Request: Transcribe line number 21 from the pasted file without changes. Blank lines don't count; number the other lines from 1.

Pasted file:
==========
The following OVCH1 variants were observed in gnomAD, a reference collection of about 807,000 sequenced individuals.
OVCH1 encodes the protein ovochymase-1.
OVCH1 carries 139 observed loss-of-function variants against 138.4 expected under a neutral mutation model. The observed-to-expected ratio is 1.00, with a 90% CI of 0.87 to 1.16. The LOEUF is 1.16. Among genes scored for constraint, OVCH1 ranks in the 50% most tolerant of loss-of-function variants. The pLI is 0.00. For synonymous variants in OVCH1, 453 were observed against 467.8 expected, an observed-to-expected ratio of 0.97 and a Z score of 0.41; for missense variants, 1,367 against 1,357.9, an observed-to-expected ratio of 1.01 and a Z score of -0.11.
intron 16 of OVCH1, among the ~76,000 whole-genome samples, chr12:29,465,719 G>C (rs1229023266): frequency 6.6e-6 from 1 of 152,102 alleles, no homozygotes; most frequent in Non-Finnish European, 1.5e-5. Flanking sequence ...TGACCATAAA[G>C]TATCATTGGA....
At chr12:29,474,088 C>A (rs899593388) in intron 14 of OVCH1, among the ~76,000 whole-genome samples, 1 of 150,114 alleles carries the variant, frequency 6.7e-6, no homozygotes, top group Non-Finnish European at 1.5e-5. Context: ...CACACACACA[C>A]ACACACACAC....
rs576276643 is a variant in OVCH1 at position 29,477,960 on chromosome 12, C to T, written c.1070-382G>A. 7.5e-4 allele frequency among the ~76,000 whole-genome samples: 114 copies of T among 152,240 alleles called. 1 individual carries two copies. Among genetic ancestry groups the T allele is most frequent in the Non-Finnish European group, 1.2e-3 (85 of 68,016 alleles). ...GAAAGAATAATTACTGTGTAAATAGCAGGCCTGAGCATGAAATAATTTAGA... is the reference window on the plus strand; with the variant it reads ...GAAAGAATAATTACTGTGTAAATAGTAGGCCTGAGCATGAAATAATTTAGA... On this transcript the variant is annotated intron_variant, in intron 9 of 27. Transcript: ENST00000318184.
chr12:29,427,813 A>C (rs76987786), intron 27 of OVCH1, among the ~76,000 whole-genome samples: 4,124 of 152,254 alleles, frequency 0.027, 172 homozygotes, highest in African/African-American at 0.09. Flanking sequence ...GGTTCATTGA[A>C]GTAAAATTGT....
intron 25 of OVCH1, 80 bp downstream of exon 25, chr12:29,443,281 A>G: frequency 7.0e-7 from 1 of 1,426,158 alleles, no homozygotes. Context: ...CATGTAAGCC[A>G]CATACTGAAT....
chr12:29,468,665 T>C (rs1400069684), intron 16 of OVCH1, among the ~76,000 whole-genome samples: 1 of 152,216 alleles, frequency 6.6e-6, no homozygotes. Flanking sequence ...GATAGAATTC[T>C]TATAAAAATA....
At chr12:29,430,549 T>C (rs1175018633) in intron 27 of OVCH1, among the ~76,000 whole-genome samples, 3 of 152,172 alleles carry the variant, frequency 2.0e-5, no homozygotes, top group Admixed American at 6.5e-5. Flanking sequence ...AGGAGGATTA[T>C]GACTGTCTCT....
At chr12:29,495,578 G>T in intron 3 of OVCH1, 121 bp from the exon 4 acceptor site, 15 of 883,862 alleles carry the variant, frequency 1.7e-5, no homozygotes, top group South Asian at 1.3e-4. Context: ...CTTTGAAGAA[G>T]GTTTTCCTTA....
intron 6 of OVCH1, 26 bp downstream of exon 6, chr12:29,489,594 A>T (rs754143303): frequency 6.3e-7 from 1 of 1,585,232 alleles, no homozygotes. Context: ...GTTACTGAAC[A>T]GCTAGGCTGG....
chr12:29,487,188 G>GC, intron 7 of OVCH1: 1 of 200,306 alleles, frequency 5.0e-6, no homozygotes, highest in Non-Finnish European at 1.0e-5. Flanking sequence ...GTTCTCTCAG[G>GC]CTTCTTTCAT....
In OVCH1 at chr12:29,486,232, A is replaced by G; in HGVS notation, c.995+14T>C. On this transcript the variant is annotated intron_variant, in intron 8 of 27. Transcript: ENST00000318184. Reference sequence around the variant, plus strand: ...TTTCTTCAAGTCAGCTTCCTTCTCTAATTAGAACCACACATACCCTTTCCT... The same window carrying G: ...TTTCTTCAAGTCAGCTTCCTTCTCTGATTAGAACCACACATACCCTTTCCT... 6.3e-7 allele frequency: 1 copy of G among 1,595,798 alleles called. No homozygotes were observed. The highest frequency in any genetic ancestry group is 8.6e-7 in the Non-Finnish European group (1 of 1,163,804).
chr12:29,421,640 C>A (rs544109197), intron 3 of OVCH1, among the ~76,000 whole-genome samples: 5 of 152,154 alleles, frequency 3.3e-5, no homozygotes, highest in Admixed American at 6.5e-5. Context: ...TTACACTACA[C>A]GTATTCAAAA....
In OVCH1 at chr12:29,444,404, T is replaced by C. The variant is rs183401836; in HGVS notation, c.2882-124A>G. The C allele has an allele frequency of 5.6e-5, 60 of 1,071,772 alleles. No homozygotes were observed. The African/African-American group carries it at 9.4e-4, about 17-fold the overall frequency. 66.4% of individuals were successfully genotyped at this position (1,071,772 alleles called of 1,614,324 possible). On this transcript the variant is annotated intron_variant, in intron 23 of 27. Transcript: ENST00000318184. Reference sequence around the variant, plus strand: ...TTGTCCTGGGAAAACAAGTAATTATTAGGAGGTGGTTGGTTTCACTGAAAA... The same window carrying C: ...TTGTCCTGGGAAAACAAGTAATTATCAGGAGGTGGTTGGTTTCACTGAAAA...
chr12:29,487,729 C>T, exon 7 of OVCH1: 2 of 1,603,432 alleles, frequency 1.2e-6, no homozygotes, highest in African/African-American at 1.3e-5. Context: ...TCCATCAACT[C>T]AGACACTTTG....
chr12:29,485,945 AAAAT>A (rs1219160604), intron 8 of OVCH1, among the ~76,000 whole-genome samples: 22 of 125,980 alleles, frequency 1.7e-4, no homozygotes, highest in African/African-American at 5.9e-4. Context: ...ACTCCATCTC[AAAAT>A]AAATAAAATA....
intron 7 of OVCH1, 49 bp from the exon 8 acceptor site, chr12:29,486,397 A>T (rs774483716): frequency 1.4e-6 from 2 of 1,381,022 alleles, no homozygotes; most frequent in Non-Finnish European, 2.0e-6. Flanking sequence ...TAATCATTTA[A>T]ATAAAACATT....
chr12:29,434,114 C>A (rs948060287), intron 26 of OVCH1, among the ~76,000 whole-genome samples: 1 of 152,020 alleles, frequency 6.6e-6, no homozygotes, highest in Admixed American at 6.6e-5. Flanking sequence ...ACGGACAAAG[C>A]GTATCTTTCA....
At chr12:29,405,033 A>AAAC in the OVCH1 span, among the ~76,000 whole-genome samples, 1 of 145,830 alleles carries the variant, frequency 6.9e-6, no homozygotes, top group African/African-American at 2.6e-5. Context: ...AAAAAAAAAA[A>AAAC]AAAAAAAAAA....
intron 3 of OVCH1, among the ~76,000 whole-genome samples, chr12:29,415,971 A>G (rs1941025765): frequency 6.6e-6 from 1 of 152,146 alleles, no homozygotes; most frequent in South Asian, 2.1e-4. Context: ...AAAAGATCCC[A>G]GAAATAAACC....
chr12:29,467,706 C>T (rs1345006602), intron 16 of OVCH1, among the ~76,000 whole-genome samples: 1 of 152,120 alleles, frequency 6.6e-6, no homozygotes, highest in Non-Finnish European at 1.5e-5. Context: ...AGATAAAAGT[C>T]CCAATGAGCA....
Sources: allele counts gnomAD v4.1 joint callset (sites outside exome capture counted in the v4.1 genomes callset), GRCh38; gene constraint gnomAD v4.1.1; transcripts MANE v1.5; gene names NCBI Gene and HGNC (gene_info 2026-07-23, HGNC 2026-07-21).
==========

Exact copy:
At chr12:29,405,033 A>AAAC in the OVCH1 span, among the ~76,000 whole-genome samples, 1 of 145,830 alleles carries the variant, frequency 6.9e-6, no homozygotes, top group African/African-American at 2.6e-5. Context: ...AAAAAAAAAA[A>AAAC]AAAAAAAAAA....